The High Court in Sabah and Sarawak
The High Court in Sabah and Sarawak
© Copyright 2006. All rights reserved.
| DISCLAIMER |
Version 5.0.0 | Supported Browsers: FF 1.5+ & IE 6.0+ | Best viewed in 1024 x 768 screen resolution
World Summit Award (WSA)  Asia Pacific ICT Awards (APICTA)
 High Court Portal

 
  Sabah Law Courts

 
  Sarawak Law Courts

 
 Sabah CMS

 
 Sarawak CMS

[Click to enlarge] Training Server will be shutdown for maintenance from Friday (29 August 2014), 08:00 PM to Sunday (31 August 2014), 10:00 PM.       
History
 
  Home
  About The Court

History

Structure of The Court

Jurisdictions of The Court
  Chief Justice of The Federal Court
  Chief Judge's Chambers

The Chief Judge

Speeches

Admission Lists

Former Chief Justices
  The Justices
  The Registrar's Office

The Registrar

Roll of Advocates

Practising Certificates
  Practice Directions

Chief Justice of The Federal Court

Chief Judge of High Court Sabah & Sarawak

Chief Registrar of The Federal Court

Registrar of High Court Sabah & Sarawak
  Sabah Law Courts
  Sarawak Law Courts
  Mediation
  Announcements
  Multimedia Gallery
  e-Services

e-Form

Email Us
  Links

Federal Court of Malaysia

Court of Appeal

Federal Attorney General Chambers

Court Addresses

CAP & CMS (Training version) New
 
The development of the legal system in the States of Sabah and Sarawak can be traced back to the days when Captain James Brooke became the Rajah of Sarawak in 1842, and when the British North Borneo company was granted concessions to much of North Borneo (as Sabah was then known) in 1865. A legal system thus developed with the English principles of law and justice being applied, with modifications to suit the local customs and conditions.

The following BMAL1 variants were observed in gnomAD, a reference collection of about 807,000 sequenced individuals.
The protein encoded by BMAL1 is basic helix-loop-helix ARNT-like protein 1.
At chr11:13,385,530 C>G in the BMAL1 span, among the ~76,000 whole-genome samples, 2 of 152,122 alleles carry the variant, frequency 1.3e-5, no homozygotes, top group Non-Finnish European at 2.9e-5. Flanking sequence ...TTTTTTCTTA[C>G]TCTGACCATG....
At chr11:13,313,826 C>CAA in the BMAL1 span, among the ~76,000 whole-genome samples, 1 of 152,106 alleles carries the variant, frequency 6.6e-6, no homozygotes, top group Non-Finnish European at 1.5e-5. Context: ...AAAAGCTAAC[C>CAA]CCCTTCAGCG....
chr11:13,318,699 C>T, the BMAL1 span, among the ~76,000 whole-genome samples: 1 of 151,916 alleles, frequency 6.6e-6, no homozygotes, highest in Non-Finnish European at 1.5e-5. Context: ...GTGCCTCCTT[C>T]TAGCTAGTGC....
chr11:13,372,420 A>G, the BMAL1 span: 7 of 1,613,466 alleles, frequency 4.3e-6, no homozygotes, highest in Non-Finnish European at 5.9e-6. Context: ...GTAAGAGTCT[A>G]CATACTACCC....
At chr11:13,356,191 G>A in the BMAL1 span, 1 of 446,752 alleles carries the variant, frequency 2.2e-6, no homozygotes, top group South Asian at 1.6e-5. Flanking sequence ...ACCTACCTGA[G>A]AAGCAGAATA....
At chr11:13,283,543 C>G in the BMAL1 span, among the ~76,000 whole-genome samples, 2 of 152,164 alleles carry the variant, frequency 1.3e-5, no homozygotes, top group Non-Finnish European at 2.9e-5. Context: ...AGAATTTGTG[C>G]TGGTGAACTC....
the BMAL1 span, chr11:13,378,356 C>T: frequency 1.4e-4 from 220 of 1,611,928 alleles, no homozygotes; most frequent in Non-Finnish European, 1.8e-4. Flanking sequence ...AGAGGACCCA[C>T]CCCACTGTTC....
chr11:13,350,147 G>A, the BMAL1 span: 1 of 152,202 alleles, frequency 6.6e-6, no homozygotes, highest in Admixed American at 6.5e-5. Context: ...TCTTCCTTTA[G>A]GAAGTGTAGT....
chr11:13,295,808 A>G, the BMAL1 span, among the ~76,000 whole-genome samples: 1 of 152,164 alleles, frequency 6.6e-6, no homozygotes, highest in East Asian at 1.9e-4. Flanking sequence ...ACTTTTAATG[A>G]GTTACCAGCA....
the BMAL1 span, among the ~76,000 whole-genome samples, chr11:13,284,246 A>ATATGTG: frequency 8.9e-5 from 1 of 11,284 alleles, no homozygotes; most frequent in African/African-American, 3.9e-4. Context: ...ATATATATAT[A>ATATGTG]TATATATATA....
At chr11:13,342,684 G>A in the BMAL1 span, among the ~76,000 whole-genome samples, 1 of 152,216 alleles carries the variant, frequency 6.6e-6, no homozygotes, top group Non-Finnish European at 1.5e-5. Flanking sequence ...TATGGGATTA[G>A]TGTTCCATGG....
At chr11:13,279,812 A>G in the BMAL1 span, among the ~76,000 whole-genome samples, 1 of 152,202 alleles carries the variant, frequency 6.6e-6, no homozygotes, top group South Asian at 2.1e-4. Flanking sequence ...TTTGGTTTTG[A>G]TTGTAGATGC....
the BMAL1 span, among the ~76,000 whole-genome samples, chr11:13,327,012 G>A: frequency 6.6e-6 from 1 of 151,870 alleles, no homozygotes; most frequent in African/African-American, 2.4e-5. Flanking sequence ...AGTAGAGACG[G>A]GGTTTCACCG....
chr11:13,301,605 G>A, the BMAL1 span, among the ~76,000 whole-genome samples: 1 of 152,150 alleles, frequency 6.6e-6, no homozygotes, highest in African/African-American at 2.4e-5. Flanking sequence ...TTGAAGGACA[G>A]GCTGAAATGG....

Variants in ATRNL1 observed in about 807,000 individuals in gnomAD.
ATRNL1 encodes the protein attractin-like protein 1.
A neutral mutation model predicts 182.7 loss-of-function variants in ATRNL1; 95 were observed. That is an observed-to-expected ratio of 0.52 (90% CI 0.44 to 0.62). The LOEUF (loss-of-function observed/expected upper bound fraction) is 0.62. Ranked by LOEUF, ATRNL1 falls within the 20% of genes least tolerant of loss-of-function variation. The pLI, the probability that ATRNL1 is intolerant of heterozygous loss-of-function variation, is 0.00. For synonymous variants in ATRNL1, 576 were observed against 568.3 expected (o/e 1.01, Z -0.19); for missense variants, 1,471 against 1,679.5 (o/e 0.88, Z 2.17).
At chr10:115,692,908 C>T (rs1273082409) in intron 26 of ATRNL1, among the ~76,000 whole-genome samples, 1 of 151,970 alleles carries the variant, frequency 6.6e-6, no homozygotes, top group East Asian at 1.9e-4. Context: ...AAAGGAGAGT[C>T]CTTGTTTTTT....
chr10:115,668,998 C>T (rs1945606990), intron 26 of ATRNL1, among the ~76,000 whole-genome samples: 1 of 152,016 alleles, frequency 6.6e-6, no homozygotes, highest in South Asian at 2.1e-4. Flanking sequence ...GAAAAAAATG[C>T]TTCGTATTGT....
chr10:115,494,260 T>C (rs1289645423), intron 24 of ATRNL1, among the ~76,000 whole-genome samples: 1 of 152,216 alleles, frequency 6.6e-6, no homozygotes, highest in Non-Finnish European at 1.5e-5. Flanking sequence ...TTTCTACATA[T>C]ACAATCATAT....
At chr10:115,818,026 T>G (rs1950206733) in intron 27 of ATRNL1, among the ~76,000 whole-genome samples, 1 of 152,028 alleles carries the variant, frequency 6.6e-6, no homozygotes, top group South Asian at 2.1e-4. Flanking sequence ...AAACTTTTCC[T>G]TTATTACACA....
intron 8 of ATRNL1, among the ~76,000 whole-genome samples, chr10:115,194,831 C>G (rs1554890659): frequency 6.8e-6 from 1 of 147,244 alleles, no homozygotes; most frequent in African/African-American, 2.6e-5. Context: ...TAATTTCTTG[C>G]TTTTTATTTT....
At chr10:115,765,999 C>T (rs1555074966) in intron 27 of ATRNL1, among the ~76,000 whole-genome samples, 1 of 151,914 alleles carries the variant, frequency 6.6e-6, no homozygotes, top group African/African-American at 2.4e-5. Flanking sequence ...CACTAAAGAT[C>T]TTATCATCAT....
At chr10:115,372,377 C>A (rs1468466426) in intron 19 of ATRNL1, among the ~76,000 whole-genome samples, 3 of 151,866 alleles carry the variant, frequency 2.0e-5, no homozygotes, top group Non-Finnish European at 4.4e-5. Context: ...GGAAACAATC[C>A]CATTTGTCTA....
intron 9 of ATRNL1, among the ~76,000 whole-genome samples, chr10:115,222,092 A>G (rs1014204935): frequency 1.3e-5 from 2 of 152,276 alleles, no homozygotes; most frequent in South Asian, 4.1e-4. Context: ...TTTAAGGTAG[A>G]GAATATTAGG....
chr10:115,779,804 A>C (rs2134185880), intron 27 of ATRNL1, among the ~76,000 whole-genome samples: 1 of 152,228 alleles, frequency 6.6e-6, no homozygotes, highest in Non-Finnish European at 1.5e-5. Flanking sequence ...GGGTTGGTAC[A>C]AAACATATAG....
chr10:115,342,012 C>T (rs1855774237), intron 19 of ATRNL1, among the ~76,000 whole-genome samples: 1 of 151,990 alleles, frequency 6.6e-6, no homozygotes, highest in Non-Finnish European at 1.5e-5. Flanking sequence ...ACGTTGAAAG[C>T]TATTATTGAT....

The first judges and magistrates were in fact administrators. The highest court in each territory was the Supreme Court. North Borneo only got its first legally qualified Judicial Commissioner in 1912, a post that was later to be called “Chief Justice”. The territory of Sarawak had its first legally qualified Judge in 1928 in the person of Mr. Justice T.S. Stirling – Boyd. He was the Judicial Commissioner of the Supreme Court of Sarawak till 1939. This was the period when a proper and systematic legal system based on legal principles was established.

When North Borneo and Sarawak became Crown Colonies after the Second World War, these 2 Borneo territories, together with Brunei, formed a Combined Judiciary. In addition to the High Court a Court of Appeal was also established. The Combined Judiciary was headed by a Chief Justice, the first of whom was Sir Ivor Brace. This system continued until 1963 when North Borneo was renamed Sabah and together with Sarawak, merged with Malaya and Singapore to form the Federation of Malaysia. Brunei’s Judiciary went its separate way.

Under the Malaysian Federal Constitution, the States in Malaya and the Borneon States of Sabah and Sarawak shall have one High Court each, each of co’ordinate jurisdiction and styled the High Court of Malaya and the High Court of Sabah and Sarawak. When the Federation was formed in 1963 each High Court was headed by a Chief Justice. The Chief Justice of the Borneon States is based in Kuching. The titles of “Chief Justices” were later changed to “Chief Judges” in 1994, and the High Court of Borneo, to the High Court in Sabah and Sarawak.